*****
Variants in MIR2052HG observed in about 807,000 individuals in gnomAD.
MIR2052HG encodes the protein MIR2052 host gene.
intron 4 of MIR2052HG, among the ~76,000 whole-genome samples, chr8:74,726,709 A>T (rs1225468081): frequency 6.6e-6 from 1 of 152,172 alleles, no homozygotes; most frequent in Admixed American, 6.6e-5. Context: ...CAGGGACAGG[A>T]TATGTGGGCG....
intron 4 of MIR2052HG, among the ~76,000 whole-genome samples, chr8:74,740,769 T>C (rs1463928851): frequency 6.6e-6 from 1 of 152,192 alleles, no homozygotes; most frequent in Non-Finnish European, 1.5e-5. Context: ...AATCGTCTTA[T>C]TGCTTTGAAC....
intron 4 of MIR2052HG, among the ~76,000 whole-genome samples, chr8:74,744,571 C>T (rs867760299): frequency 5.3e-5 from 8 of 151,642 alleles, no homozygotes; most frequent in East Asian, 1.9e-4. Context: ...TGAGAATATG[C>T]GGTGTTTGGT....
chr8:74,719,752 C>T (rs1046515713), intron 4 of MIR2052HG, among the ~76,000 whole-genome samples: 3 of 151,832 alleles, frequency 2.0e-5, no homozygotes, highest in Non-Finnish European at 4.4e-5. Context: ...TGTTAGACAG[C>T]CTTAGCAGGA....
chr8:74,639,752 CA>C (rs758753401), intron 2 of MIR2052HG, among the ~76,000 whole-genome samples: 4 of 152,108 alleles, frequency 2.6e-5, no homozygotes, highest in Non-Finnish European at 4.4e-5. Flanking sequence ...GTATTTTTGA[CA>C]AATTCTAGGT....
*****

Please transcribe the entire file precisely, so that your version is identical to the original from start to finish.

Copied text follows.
Variants in MIR2052HG observed in about 807,000 individuals in gnomAD.
MIR2052HG encodes the protein MIR2052 host gene.
intron 4 of MIR2052HG, among the ~76,000 whole-genome samples, chr8:74,726,709 A>T (rs1225468081): frequency 6.6e-6 from 1 of 152,172 alleles, no homozygotes; most frequent in Admixed American, 6.6e-5. Context: ...CAGGGACAGG[A>T]TATGTGGGCG....
intron 4 of MIR2052HG, among the ~76,000 whole-genome samples, chr8:74,740,769 T>C (rs1463928851): frequency 6.6e-6 from 1 of 152,192 alleles, no homozygotes; most frequent in Non-Finnish European, 1.5e-5. Context: ...AATCGTCTTA[T>C]TGCTTTGAAC....
intron 4 of MIR2052HG, among the ~76,000 whole-genome samples, chr8:74,744,571 C>T (rs867760299): frequency 5.3e-5 from 8 of 151,642 alleles, no homozygotes; most frequent in East Asian, 1.9e-4. Context: ...TGAGAATATG[C>T]GGTGTTTGGT....
chr8:74,719,752 C>T (rs1046515713), intron 4 of MIR2052HG, among the ~76,000 whole-genome samples: 3 of 151,832 alleles, frequency 2.0e-5, no homozygotes, highest in Non-Finnish European at 4.4e-5. Context: ...TGTTAGACAG[C>T]CTTAGCAGGA....
chr8:74,639,752 CA>C (rs758753401), intron 2 of MIR2052HG, among the ~76,000 whole-genome samples: 4 of 152,108 alleles, frequency 2.6e-5, no homozygotes, highest in Non-Finnish European at 4.4e-5. Flanking sequence ...GTATTTTTGA[CA>C]AATTCTAGGT....